Before the season began, the 22-year old began experimenting with an apparently impossible ball.
A true, finger-spun leg-break, bowled at fast medium pace.
He had practised it for hours in their orchard, with his father standing behind the wickets.
It took him years to get confident and he could finally bowl it in a first-class match in 1913.
It was successful.
He bamboozled batsmen till an umpire intervened.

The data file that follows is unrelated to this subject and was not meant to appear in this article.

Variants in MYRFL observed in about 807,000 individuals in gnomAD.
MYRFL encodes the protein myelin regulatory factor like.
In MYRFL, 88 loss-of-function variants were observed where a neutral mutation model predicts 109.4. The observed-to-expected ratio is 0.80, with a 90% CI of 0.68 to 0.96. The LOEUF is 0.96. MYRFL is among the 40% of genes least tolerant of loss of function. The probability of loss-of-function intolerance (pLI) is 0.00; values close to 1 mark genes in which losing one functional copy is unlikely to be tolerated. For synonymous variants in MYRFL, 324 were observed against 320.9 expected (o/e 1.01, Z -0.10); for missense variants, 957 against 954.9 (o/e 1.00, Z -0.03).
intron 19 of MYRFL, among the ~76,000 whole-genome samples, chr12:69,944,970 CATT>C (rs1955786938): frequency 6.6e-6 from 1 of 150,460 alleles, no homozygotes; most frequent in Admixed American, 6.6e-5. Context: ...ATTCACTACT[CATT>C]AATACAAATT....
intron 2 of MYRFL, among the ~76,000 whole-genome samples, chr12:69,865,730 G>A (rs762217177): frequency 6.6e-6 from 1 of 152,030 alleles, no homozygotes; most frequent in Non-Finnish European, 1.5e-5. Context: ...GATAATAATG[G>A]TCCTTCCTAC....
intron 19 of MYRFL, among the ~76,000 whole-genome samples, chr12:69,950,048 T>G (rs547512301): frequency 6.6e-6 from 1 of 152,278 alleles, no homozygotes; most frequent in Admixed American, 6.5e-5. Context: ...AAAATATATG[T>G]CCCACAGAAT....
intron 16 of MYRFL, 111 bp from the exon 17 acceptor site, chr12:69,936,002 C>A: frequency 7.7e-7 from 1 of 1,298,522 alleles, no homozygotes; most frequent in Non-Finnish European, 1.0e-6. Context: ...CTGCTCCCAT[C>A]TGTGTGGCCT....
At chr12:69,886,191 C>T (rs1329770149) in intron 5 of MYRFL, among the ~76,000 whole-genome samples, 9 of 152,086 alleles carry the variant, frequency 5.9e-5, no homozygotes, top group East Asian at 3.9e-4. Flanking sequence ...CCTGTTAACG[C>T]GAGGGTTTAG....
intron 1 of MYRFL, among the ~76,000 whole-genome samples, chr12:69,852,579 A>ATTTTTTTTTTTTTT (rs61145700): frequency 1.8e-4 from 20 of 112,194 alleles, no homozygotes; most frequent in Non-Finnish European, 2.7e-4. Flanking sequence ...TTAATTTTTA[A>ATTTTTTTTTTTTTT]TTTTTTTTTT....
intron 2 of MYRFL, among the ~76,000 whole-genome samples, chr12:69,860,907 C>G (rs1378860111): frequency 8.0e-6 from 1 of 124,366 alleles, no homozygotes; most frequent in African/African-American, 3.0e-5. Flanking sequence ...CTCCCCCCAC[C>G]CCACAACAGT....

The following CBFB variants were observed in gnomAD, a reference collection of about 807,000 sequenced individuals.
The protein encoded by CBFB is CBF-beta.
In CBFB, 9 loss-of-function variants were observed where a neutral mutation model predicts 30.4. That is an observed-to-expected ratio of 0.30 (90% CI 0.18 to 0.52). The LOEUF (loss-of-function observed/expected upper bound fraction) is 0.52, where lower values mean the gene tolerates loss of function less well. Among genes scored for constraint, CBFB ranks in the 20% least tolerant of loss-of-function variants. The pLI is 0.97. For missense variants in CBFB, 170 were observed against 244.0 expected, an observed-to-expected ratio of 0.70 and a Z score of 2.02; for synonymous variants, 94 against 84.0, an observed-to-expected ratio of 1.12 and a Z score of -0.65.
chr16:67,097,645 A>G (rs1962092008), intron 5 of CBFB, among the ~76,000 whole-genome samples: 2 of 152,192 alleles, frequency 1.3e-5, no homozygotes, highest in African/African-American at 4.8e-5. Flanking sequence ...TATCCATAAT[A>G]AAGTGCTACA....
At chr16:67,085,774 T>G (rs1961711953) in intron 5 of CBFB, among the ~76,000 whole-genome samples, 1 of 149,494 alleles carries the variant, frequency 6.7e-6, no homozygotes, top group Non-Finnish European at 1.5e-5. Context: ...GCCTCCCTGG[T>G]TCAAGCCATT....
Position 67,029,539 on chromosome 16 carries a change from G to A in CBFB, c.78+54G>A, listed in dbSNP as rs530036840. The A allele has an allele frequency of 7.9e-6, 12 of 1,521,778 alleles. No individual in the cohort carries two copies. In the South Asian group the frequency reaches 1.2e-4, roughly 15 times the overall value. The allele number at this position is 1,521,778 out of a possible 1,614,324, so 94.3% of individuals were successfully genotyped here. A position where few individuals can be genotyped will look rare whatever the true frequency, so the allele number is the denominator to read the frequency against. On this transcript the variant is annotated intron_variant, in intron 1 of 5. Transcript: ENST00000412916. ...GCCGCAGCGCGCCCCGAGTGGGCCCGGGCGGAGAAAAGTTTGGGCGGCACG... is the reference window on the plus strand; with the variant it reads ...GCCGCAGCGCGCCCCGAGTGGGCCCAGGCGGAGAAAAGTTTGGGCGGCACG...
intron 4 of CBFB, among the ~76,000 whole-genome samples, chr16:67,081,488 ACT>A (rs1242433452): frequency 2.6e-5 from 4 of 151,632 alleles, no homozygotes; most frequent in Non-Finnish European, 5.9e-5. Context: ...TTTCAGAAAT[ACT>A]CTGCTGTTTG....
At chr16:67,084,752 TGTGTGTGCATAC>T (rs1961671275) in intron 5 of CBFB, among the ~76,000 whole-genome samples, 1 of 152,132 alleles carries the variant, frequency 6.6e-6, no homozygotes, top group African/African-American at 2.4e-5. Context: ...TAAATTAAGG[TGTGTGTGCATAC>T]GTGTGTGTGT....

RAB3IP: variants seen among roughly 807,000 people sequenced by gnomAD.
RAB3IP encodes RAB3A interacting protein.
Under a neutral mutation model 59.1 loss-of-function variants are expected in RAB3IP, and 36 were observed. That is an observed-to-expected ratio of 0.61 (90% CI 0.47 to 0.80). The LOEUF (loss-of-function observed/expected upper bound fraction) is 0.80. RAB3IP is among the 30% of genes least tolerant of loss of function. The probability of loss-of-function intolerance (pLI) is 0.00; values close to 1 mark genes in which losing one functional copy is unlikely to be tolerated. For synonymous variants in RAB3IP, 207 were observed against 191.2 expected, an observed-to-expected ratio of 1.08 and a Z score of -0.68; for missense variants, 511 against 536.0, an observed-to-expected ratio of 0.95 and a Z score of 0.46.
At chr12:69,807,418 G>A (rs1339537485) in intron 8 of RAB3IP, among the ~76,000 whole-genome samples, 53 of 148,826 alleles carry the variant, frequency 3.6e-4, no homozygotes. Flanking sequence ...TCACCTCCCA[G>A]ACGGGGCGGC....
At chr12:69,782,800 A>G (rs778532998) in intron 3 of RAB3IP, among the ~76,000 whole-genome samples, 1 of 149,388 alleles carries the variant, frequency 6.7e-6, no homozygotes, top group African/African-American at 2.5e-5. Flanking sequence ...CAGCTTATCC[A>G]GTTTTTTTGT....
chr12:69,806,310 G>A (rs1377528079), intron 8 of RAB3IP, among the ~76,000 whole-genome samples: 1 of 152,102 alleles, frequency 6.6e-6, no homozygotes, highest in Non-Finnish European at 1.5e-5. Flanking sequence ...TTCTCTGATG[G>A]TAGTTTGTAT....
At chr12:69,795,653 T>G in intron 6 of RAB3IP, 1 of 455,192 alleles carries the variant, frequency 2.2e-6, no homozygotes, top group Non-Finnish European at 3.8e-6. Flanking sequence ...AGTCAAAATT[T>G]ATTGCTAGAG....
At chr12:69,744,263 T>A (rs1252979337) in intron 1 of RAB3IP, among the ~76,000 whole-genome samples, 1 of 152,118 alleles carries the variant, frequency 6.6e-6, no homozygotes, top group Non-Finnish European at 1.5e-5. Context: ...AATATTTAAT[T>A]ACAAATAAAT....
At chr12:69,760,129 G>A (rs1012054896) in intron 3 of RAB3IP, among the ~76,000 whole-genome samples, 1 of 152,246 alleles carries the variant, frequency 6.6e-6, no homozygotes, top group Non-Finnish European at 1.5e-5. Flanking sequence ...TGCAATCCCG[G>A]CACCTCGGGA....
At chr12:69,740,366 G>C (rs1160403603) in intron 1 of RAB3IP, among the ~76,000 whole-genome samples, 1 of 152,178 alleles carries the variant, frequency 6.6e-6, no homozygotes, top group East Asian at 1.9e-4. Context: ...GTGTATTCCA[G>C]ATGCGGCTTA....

He was told to stop bowling that.
He tried it next season and once again the same umpire had the same thing to say to him.
He never played another first-class match.
One of the earliest attempts at bowling that magic ball.
Unsuccessful and, rather sadly, forgotten.
But he had his moment of glory.
On May 20th 1911, he scored 189 in 90 minutes, the last 142 of those runs in 40 minutes!
In John Arlott's words, " the most remarkable sustained hitting innings ever played in first-class cricket".
Those 90 minutes defined Ted Alletson's entire career.
And intrigued trivia hunters all over the world.
Ted Alletson was born on March 7, 1884.